Oregon just became the first state to legalize medical psilocybin. Here's what 'magic' mushrooms do to your brain and body.
- Oregon voted to legalize the sale, growth, and administration of psychedelic
- The active ingredient in "magic mushrooms" is psilocybin, which causes the visual and mental hallucinations usually associated with mushrooms.
Psilocybinis also being used in clinical studies to treat depression and anxiety. The latest research found magic mushroomsmay have an impact on depression that is four times as effective as traditional anti-depressants.
Oregon is the first state to legalize the distribution of mushrooms, but it's not the first to move towards accepting
More and more cities have moved to decriminalize mushrooms — including Denver, Colorado and Santa Cruz, California — as researchers find new ways to use psilocybin, the active psychedelic ingredient in mushrooms, to treat conditions like depression and anxiety.
Here's what psilocybin does to your brain and body.
Psilocybin might help depression and anxiety
When you take psychedelic mushrooms, it can take 20 to 90 minutes for the full effects to kick in. Once they do, your pupils dilate, time can slow, and the hallucinations begin.
Previous research has linked psilocybin use to positive outcomes for people with depression and anxiety.
Though researchers have yet to pinpoint exactly why this is, they know psilocybin and other psychedelics like LSD can rewire the brain, essentially changing your thought patterns on a chemical level.
The brain can be viewed as a network of highways. Usually, the brain pushes thoughts down just some of the highways, and continues to use them out of habit, ignoring the less-traveled roads, as Business Insider previously explained.
But when a person takes psilocybin, the brain becomes aware of those other paths and uses them, changing a person's typical thinking patterns in the process.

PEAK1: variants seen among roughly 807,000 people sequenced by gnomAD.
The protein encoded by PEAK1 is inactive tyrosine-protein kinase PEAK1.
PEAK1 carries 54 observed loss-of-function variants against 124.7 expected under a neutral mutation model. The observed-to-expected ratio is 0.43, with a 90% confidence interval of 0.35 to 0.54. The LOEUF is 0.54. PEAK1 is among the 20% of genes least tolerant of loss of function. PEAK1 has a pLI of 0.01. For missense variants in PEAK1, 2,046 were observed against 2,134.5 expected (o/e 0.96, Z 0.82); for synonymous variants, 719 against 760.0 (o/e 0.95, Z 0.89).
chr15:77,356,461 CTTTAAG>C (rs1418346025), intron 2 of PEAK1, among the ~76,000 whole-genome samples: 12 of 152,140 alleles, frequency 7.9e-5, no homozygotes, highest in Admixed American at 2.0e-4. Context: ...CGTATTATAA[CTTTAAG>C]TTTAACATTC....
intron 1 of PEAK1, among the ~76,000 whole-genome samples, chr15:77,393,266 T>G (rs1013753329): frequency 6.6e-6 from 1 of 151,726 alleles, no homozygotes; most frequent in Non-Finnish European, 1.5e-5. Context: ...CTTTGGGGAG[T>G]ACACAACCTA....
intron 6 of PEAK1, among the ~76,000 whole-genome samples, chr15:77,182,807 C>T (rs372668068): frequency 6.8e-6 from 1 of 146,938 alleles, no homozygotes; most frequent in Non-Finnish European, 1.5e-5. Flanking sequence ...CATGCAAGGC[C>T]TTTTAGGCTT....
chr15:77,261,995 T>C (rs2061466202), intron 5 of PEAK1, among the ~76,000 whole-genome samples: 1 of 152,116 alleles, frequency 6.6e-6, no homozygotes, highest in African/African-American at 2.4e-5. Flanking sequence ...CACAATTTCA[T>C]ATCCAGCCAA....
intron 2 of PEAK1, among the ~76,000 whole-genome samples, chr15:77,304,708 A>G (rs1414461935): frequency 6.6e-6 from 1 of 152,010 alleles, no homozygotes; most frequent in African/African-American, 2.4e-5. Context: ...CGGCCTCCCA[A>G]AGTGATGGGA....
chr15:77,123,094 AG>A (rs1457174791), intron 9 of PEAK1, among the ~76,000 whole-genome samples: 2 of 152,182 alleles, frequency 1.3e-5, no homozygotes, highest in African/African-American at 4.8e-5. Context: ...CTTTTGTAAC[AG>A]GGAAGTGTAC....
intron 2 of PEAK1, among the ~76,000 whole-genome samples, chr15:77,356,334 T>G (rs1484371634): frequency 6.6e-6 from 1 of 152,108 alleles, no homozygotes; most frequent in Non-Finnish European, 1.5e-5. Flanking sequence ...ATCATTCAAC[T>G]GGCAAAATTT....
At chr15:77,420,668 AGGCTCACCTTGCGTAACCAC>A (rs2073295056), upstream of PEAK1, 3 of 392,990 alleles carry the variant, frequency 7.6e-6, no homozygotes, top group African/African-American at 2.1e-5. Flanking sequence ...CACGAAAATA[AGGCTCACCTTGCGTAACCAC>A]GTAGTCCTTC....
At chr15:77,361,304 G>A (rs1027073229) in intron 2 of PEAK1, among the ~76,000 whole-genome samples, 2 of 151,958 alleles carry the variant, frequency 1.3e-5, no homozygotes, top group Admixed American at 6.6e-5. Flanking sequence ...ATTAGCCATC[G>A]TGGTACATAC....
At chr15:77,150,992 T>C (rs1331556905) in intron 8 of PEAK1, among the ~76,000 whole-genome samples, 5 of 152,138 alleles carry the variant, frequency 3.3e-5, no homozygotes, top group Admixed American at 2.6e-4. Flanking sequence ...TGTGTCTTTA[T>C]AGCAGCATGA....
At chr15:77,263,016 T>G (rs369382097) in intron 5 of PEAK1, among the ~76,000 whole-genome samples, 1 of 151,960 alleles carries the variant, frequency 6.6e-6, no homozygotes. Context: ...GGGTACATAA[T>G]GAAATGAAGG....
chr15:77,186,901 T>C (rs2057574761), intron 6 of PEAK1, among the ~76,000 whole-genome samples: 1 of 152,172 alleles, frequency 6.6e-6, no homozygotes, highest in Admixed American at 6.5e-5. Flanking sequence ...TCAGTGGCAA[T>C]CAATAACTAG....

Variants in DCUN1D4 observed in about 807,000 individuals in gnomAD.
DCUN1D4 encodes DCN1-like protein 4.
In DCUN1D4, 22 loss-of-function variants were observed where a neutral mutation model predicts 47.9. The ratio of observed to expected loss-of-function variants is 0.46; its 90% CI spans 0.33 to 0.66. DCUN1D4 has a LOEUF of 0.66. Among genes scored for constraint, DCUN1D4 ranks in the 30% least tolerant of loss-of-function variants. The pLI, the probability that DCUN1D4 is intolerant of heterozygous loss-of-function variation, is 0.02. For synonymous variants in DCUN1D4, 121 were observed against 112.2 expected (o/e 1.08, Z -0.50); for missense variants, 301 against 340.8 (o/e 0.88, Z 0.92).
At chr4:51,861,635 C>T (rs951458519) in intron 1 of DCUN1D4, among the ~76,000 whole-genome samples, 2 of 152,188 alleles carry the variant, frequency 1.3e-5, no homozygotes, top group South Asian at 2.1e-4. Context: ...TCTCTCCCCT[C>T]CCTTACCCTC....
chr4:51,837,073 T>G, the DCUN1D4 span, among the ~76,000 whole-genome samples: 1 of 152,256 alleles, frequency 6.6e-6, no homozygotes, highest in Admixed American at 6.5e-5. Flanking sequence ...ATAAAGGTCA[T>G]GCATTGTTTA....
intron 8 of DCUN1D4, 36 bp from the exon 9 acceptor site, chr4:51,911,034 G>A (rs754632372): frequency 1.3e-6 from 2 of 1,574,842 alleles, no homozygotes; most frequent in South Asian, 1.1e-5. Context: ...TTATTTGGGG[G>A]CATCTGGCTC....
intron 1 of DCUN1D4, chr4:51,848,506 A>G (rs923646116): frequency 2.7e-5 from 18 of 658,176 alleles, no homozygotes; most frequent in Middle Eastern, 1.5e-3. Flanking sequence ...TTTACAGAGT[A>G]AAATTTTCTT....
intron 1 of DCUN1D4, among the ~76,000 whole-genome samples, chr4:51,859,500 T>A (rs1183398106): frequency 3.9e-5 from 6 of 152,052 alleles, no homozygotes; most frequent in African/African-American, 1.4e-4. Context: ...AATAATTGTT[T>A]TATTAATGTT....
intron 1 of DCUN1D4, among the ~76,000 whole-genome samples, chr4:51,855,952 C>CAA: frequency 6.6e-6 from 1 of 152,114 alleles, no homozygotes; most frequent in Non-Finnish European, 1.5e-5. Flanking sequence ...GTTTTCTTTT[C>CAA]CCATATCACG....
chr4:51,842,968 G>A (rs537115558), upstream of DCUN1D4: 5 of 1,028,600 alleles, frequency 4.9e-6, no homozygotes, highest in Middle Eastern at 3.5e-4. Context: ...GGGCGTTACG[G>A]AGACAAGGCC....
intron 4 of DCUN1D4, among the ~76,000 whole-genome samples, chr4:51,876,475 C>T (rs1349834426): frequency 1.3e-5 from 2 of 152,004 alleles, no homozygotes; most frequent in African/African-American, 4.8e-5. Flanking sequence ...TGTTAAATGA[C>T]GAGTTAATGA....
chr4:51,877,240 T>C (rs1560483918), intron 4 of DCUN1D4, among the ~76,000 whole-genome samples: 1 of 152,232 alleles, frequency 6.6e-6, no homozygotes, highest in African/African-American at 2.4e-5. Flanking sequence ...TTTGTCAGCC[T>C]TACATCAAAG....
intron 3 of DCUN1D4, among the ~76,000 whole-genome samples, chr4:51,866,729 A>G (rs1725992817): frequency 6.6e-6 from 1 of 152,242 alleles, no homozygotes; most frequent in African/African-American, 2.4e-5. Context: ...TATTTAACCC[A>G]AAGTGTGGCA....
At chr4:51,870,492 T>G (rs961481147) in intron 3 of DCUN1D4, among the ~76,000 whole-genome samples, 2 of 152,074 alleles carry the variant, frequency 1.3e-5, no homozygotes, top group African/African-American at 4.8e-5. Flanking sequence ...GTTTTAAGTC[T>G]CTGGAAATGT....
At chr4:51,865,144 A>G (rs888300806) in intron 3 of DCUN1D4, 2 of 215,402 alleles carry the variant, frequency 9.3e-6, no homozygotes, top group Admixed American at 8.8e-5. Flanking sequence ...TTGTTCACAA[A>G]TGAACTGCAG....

A 2020 NYU clinical trial of cancer patients who had taken a single dose of psilocybin found patients reported a lasting impact on their mental
Another 2020 study conducted by a team at Yale University surveyed 1,200 American and British festival attendees who had taken magic mushrooms, finding those who had taken psilocybin reported more feelings of human connectivity and positivity.
Most recently, Johns Hopkins Medicine published a study in JAMA Psychiatry that found patients treated with psilocybin experienced lessened symptoms of major depression two to three weeks earlier than if they'd been given typical anti-depressants.
"The magnitude of the effect we saw was about four times larger than what clinical trials have shown for traditional antidepressants on the market," Dr. Alan Davis, adjunct assistant professor of psychiatry and behavioral sciences at the Johns Hopkins University School of Medicine, said in the study.
- Indian startup founders celebrate Paytm’s success as company posts first operating profit
- Kim Jong Un abruptly reappears after 36 days out of the spotlight and orders North Korea to 'prepare for war'
- OpenAI makes a ChatGPT-like tool called Codex that can write software. Here's why Codex won't replace developers and will instead create more demand for their skills.
- PM Modi endorses Indian Oil's 'Surya Nutan' solar cooker at India Energy Week! Should you switch?
- Adani Power's Q3 profit plunges 96% to Rs 9 cr as expenses rise
- After an Ather 450X catches fire, the company says its battery is safe — fire was due to a wiring harness issue
- CCTV camera for home with mobile connectivity for 2023
- Best smartwatches under ₹3000